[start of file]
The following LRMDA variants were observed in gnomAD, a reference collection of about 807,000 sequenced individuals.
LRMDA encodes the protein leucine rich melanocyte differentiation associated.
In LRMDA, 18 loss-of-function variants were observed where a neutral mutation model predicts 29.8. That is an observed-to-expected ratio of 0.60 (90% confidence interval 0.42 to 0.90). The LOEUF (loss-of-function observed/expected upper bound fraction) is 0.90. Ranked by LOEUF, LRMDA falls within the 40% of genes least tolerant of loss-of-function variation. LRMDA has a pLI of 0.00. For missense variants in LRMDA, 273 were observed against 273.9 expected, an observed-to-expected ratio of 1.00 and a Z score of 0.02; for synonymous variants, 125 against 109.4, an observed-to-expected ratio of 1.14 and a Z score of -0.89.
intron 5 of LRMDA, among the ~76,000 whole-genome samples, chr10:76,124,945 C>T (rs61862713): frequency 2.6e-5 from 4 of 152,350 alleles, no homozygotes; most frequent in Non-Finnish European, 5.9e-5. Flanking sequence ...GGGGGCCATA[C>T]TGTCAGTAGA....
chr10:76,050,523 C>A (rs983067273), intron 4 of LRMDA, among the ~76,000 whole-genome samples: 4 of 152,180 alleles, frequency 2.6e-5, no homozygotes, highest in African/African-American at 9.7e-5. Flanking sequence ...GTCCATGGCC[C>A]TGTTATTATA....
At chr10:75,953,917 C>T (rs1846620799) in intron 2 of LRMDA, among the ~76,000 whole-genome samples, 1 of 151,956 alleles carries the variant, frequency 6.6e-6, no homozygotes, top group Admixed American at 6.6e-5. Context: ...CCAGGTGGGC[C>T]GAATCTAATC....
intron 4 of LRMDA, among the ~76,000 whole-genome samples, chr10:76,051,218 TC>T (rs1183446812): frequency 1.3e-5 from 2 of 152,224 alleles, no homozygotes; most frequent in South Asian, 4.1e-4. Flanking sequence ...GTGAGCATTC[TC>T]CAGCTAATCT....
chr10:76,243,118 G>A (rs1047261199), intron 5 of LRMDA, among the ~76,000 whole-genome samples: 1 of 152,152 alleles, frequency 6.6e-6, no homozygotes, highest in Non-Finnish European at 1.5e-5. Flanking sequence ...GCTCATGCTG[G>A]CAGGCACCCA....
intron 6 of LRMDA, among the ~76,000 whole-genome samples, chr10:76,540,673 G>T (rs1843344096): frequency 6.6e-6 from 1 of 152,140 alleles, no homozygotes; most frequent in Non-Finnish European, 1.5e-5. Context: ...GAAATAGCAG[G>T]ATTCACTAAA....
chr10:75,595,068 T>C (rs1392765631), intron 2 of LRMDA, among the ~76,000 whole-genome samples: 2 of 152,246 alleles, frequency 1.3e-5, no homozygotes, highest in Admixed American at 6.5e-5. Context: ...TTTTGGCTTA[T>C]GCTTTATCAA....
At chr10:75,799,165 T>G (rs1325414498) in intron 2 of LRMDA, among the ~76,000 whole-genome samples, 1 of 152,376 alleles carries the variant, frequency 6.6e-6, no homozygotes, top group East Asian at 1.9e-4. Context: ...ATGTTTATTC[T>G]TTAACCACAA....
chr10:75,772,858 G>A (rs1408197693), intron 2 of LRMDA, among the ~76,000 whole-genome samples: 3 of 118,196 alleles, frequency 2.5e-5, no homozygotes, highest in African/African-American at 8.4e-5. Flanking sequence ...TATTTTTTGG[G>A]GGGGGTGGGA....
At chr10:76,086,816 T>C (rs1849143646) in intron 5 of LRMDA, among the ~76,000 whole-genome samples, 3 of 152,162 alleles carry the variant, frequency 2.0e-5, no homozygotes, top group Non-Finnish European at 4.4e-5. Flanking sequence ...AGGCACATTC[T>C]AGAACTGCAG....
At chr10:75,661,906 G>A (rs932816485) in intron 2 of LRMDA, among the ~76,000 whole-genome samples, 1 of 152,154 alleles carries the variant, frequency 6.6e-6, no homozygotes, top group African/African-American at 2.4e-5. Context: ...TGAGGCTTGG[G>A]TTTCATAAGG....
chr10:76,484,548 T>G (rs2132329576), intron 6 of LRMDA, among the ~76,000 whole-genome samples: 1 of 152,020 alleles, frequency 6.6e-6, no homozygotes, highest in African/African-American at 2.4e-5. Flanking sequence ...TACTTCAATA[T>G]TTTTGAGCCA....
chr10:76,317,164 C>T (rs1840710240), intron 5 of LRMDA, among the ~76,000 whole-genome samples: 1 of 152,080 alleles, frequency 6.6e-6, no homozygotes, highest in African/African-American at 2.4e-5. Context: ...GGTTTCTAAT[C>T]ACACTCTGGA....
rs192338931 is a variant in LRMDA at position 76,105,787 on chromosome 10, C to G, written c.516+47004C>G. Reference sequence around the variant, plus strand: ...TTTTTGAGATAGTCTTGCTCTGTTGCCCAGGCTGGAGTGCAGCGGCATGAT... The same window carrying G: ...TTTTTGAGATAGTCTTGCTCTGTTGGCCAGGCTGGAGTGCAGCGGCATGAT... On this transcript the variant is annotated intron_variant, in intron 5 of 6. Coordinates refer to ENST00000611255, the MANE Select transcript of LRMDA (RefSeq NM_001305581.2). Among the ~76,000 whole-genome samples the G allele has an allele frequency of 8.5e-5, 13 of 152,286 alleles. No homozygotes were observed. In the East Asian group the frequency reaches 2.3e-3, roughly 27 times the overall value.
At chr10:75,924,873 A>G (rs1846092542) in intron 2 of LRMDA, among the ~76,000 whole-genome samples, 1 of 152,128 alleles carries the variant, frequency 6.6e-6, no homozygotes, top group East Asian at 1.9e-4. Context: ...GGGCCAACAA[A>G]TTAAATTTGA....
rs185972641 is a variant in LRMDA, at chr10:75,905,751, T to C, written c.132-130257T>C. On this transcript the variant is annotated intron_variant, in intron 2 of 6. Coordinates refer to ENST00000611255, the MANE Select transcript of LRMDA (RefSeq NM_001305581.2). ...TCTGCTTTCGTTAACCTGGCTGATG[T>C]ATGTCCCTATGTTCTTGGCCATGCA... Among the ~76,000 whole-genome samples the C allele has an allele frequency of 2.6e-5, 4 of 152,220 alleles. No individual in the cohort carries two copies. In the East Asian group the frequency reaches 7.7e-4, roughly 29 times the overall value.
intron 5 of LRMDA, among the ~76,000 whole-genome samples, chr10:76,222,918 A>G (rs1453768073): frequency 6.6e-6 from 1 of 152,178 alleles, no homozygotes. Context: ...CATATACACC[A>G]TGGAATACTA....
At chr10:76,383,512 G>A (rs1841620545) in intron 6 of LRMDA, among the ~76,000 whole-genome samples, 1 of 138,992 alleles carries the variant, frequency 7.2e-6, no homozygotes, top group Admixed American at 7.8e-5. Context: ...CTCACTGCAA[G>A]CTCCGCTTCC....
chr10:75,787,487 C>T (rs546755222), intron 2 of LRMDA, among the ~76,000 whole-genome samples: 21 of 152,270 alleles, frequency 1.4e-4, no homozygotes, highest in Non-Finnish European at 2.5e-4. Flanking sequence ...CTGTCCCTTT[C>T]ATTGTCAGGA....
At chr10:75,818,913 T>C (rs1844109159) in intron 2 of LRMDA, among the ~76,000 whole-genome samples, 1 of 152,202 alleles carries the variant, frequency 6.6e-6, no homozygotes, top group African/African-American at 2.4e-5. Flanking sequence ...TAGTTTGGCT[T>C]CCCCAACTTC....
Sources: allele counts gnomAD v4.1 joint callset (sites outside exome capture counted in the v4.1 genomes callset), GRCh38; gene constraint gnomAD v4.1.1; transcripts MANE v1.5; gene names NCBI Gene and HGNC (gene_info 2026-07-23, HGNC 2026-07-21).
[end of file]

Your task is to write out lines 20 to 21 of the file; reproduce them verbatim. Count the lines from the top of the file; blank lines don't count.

intron 5 of LRMDA, among the ~76,000 whole-genome samples, chr10:76,222,918 A>G (rs1453768073): frequency 6.6e-6 from 1 of 152,178 alleles, no homozygotes. Context: ...CATATACACC[A>G]TGGAATACTA....
At chr10:76,383,512 G>A (rs1841620545) in intron 6 of LRMDA, among the ~76,000 whole-genome samples, 1 of 138,992 alleles carries the variant, frequency 7.2e-6, no homozygotes, top group Admixed American at 7.8e-5. Context: ...CTCACTGCAA[G>A]CTCCGCTTCC....